the computer by storing special purpose subroutine called microprograms. They
contain instructions that tell the CPU what to do first when the computer is turned
on, and also contain instructions that help the CPU transfer information from the
keyboard to the screen and printer.
NB
The computer can act directly only on data or instructions which are in main memory. Before any records can be processed, they must first be moved from the disk
into main memory
3.2.5. Secondary Storage
The secondary storage unit provides long term storage E.g. days, weeks, month or
years.
Data in secondary storage remains there until overwritten with new data or deleted,
and is accessed when needed. It is much slower than primary memory (perhaps
10,000 times slower) but also much cheaper and usually much more abundant.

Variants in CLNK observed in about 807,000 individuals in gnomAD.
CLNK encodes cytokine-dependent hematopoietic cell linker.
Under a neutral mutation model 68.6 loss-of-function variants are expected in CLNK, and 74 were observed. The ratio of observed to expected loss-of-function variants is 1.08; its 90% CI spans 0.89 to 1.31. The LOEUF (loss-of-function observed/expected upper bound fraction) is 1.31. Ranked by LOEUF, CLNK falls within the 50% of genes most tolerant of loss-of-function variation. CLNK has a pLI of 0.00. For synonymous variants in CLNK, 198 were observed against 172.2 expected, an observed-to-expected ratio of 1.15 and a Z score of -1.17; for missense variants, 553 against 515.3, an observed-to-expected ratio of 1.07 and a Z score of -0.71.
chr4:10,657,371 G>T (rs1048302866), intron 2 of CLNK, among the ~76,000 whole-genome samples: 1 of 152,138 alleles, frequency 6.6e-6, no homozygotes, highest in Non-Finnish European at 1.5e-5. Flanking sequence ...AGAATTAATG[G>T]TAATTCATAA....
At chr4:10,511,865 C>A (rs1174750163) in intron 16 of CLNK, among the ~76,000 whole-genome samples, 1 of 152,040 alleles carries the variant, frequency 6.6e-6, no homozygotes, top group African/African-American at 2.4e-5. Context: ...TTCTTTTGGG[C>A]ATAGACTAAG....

Secondary storages are categorised into three groups:
Magnetic disks
Magnetic tapes
Optical disks
3.2.6. Magnetic disks
These are flat rotating circular plates coated with magnetic materials. They are usually divided into tracks and sectors with an intersection of track and sector forming
an allocation unit. Data is recorded on and read from a disk using read/write heads
attached to an access arm. The disk rotates and the heads can move in or out over
the surface to read or write data on the various tracks. The track number indicates
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where to position the read/write head, and the sector number indicates where to
activate the read/write head as the disk spins.

The rigid magnetic disks are referred to as hard disks and the flexible magnetic
disks are referred to as floppy disks or diskettes. Typically, the hard disk consists
of one or more platters (disks), arranged one on top of the other. The read/write